The Philadelphia Eagles are preparing to impose more serious disciplinary measures on wide receiver Terrell Owens if he is involved in another incident after he rejoins the team Wednesday.
That's why, according to NFL sources, the club sent a letter to Owens detailing his disciplinary issues in recent weeks. The team wants to be able to present the letter as evidence in an arbitration process if it disciplines Owens and he files a grievance, said one source, who spoke on the condition of anonymity because the dispute is at a sensitive stage. The letter was delivered Monday to Owens's home in Atlanta.
Owens was sent home from the Eagles' training camp in Bethlehem, Pa., last Wednesday by Coach Andy Reid after an argument between the two. Owens said during a series of televised interviews that Reid was upset by Owens's refusal to participate in autograph sessions for fans and to speak to the club's assistant coaches. Owens also has said he has no desire to speak to quarterback Donovan McNabb, at whom Owens directed verbal jabs during the offseason.
The Eagles and Owens remain embroiled in a bitter contract dispute, with Owens upset that the team is refusing to renegotiate his seven-year, $48.97 million deal after one season. Owens reported to training camp on time, and agent Drew Rosenhaus repeatedly has said that Owens is honoring the terms of his contract and intends to continue doing so. If Owens breaches his contract, that might enable the Eagles to force him to return the bulk of the $2.3 million signing bonus he received last year.
Eagles officials have been adamant that they won't rework Owens's contract, and they've said they don't intend to trade or release him. It appears possible, however, that the Eagles will suspend Owens if they believe he'd disrupting the team after he returns. The precedent for such a move was set in 2003, when Tampa Bay Buccaneers Coach Jon Gruden placed wide receiver Keyshawn Johnson on the inactive list late in the season for what the team called insubordination. The Buccaneers traded Johnson to Dallas following that season.
Owens is to have a salary of $3.25 million this season under the terms of his contract. . . .
The biggest problem for the Eagles is finding capable starting wideouts. They've already lost their other starting receiver, Todd Pinkston, for the entire season because of a ruptured Achilles' tendon. They got rid of Freddie Mitchell during the offseason, and their starters for Monday night's preseason opener at Pittsburgh were Greg Lewis and rookie Reggie Brown. The two have combined for 23 regular-season catches in the NFL.
McNabb's first pass of the night went straight to Steelers cornerback Willie Williams for an interception and a Pittsburgh touchdown. But McNabb steadied himself, and he and his receivers had a decent evening. McNabb completed 14 of 19 passes for 132 yards and a touchdown. Lewis and Brown totaled eight receptions for 80 yards in the Eagles' 38-31 defeat. Third receiver Billy McMullen added four catches for 59 yards.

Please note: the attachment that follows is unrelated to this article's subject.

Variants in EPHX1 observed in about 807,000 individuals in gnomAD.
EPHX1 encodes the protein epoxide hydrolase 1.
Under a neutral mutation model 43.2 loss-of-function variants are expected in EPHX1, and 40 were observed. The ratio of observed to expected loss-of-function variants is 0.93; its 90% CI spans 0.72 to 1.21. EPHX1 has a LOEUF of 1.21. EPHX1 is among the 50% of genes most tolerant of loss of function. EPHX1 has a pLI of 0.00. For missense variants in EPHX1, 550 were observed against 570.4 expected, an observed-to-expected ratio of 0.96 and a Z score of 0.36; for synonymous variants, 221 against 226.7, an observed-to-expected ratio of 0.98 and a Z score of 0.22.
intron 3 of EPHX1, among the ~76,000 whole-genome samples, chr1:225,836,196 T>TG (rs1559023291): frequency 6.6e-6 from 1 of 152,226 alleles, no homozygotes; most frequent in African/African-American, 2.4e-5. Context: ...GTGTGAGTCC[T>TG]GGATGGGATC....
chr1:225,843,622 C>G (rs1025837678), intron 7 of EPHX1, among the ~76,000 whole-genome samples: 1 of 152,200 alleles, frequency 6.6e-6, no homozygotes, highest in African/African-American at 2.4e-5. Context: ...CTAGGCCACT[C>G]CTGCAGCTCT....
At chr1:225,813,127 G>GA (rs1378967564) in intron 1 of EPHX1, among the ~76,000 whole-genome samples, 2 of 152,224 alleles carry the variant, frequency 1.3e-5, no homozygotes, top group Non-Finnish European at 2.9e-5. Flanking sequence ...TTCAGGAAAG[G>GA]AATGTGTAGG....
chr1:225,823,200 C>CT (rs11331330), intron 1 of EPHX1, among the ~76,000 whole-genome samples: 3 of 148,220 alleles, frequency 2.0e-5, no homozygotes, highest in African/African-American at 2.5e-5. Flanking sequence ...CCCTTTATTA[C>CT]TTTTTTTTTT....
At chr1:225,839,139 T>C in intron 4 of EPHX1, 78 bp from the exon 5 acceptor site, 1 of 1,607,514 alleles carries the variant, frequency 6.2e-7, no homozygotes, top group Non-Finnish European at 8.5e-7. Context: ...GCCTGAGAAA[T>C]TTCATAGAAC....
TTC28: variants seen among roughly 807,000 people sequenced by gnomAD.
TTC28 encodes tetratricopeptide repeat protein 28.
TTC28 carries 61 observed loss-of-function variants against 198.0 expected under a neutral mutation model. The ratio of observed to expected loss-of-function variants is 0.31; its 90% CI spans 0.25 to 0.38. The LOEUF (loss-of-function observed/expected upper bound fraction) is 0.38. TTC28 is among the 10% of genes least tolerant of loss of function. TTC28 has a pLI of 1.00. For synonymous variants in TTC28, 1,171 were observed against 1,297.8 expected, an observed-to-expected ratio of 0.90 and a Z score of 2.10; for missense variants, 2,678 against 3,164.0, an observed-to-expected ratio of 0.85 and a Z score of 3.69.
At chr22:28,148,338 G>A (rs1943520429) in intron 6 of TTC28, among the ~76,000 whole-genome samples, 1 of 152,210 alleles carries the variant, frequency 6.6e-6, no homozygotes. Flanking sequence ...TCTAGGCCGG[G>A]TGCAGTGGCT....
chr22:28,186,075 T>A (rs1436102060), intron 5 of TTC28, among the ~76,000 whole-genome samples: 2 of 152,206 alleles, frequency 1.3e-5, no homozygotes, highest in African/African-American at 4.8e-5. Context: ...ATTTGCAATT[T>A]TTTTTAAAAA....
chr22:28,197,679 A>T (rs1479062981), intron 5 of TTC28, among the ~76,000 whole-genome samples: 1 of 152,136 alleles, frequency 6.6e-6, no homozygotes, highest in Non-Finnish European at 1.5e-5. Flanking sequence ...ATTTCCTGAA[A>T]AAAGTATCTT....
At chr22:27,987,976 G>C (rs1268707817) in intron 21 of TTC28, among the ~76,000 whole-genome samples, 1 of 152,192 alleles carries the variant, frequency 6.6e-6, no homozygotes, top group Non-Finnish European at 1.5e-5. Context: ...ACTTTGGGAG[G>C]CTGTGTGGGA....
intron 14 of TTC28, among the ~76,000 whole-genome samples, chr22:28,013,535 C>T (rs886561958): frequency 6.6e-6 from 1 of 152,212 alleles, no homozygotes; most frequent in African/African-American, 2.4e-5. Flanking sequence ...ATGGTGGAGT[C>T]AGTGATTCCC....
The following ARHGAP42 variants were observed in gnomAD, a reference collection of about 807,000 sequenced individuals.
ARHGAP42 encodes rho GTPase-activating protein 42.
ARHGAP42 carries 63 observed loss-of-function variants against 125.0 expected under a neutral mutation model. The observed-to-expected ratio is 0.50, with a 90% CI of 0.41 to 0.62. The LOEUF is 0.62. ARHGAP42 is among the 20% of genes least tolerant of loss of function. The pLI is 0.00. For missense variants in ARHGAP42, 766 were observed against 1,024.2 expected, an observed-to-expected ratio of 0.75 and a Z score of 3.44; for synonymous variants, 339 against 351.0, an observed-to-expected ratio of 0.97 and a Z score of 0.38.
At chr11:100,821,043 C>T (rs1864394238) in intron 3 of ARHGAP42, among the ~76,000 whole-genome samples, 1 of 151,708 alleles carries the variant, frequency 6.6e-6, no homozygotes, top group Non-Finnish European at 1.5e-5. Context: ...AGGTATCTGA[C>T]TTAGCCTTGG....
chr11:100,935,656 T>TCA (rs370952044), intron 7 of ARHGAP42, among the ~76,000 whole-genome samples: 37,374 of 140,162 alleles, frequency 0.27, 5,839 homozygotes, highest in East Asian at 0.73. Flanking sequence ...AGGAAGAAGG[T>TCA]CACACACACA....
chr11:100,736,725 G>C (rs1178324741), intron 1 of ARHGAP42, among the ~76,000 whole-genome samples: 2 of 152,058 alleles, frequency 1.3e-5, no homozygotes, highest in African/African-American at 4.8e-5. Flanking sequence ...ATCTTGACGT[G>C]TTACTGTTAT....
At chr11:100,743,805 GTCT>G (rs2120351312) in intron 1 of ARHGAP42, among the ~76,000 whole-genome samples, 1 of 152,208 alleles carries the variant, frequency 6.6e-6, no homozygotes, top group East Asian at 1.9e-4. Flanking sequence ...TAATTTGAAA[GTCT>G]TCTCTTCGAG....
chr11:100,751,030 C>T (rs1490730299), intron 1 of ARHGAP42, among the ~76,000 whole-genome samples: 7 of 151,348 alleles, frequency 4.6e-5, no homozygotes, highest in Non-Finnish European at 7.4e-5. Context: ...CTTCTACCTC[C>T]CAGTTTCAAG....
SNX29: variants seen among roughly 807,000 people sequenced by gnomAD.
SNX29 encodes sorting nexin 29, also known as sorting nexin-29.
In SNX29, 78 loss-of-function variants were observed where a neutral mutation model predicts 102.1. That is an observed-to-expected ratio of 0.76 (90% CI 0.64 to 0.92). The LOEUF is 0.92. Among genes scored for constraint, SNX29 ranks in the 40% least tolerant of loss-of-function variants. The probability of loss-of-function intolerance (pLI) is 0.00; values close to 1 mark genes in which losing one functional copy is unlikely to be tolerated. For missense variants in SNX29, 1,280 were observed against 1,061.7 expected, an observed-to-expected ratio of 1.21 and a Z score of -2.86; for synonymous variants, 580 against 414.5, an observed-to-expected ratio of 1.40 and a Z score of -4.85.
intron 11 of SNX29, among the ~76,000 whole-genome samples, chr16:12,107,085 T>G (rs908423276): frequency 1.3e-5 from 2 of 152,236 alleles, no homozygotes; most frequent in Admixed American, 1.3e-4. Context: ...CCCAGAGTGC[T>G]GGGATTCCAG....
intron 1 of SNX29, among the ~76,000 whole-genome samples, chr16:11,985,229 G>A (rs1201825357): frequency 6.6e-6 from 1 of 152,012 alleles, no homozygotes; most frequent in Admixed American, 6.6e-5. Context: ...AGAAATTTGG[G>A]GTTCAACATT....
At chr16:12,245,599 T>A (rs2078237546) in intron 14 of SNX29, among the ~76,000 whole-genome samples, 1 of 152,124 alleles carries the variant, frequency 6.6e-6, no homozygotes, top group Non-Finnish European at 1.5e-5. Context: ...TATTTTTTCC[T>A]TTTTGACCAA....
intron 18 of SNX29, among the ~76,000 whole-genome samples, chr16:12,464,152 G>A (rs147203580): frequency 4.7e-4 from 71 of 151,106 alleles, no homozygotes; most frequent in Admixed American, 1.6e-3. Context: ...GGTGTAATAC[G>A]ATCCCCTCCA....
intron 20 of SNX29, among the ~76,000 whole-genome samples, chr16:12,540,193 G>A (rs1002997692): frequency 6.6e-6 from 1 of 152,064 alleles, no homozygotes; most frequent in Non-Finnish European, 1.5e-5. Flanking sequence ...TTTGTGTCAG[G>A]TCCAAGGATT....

Still, the Eagles' receiving corps doesn't seem worthy of a Super Bowl-contending club minus Pinkston and, potentially, Owens. And it's possible that the club will try to trade for a more established wideout like Green Bay's Robert Ferguson or Cleveland's Andre Davis. Meantime, the team's coaches must fix their special teams after the Eagles surrendered touchdowns Monday on a punt return and kickoff return.
Ward Deal Could Come Quickly
The Steelers and wide receiver Hines Ward hope to complete a contract extension before the regular season begins. Negotiations between the team and Ward's agent, Eugene Parker, could resume as soon as today. Ward ended his holdout Monday and reported to the Steelers. He has one season remaining on his contract for a salary of $1.67 million, and the two sides previously had been attempting to negotiate a long-term deal. Ward had a lengthy conversation Sunday night with Steelers Coach Bill Cowher after remaining in touch with veteran tailback Jerome Bettis throughout his holdout.
And Then There Were Two
Cornerback Adam (Pac-Man) Jones visited the Tennessee Titans' training facility Monday and is close to signing a five-year contract with the team. Jones, the sixth overall selection in the NFL draft in April, perhaps could sign in time to participate in today's practice. That would leave only two first-round picks unsigned -- Chicago Bears tailback Cedric Benson (the No. 4 overall choice) and Cincinnati Bengals linebacker David Pollack (No. 17). . . .
The Carolina Panthers moved rookie Thomas Davis, their first-round draft pick, from safety to linebacker. The Panthers had hoped to put Davis at safety but moved him because of a foot injury suffered by Brandon Short and fellow linebacker Chris Draft's asthma problems during training camp. . . .
Alex Barron, the St. Louis Rams' first-round selection, lined up at left tackle Monday in his first practice since signing a five-year contract with the team last week. That was a sign of Coach Mike Martz's displeasure with Barron's late arrival due to his contract dispute. The Rams have perennial Pro Bowl selection Orlando Pace at left tackle, and initially had planned to use Barron as their starting right tackle. Unless Barron progresses quickly, the Rams likely will open the regular season with Rex Tucker or Matt Willig starting at right tackle. . . .
Denver moved NFL career receiving leader Jerry Rice ahead of youngster Darius Watts as its No. 3 wideout behind Rod Smith and Ashley Lelie. . . . Broncos rookie tailback Maurice Clarett missed more practice time Monday because of a strained groin muscle. The injury has plagued Clarett for nearly two weeks, although an MRI exam taken last week revealed no serious damage. . . .
New England placed rookie linebacker Ryan Claridge, a fifth-round draft pick, on the injured reserve list because of a shoulder injury.